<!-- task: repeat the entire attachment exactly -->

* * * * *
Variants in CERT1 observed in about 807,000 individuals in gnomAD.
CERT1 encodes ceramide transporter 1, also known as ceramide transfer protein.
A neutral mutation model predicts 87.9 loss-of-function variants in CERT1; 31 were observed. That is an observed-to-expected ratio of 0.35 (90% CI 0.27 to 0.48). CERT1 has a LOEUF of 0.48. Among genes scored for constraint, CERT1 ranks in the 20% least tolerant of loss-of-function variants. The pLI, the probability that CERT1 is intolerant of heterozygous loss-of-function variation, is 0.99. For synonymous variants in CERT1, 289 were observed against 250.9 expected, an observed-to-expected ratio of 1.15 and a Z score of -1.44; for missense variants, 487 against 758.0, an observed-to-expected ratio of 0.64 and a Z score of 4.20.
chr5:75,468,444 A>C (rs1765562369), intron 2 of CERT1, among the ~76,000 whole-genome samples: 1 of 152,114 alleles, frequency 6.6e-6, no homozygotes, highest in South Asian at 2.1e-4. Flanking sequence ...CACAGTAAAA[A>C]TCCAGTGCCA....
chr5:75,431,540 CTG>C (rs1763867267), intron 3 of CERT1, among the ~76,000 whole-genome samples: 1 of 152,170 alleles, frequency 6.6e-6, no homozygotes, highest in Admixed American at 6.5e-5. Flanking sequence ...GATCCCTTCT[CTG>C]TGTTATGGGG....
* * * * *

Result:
Variants in CERT1 observed in about 807,000 individuals in gnomAD.
CERT1 encodes ceramide transporter 1, also known as ceramide transfer protein.
A neutral mutation model predicts 87.9 loss-of-function variants in CERT1; 31 were observed. That is an observed-to-expected ratio of 0.35 (90% CI 0.27 to 0.48). CERT1 has a LOEUF of 0.48. Among genes scored for constraint, CERT1 ranks in the 20% least tolerant of loss-of-function variants. The pLI, the probability that CERT1 is intolerant of heterozygous loss-of-function variation, is 0.99. For synonymous variants in CERT1, 289 were observed against 250.9 expected, an observed-to-expected ratio of 1.15 and a Z score of -1.44; for missense variants, 487 against 758.0, an observed-to-expected ratio of 0.64 and a Z score of 4.20.
chr5:75,468,444 A>C (rs1765562369), intron 2 of CERT1, among the ~76,000 whole-genome samples: 1 of 152,114 alleles, frequency 6.6e-6, no homozygotes, highest in South Asian at 2.1e-4. Flanking sequence ...CACAGTAAAA[A>C]TCCAGTGCCA....
chr5:75,431,540 CTG>C (rs1763867267), intron 3 of CERT1, among the ~76,000 whole-genome samples: 1 of 152,170 alleles, frequency 6.6e-6, no homozygotes, highest in Admixed American at 6.5e-5. Flanking sequence ...GATCCCTTCT[CTG>C]TGTTATGGGG....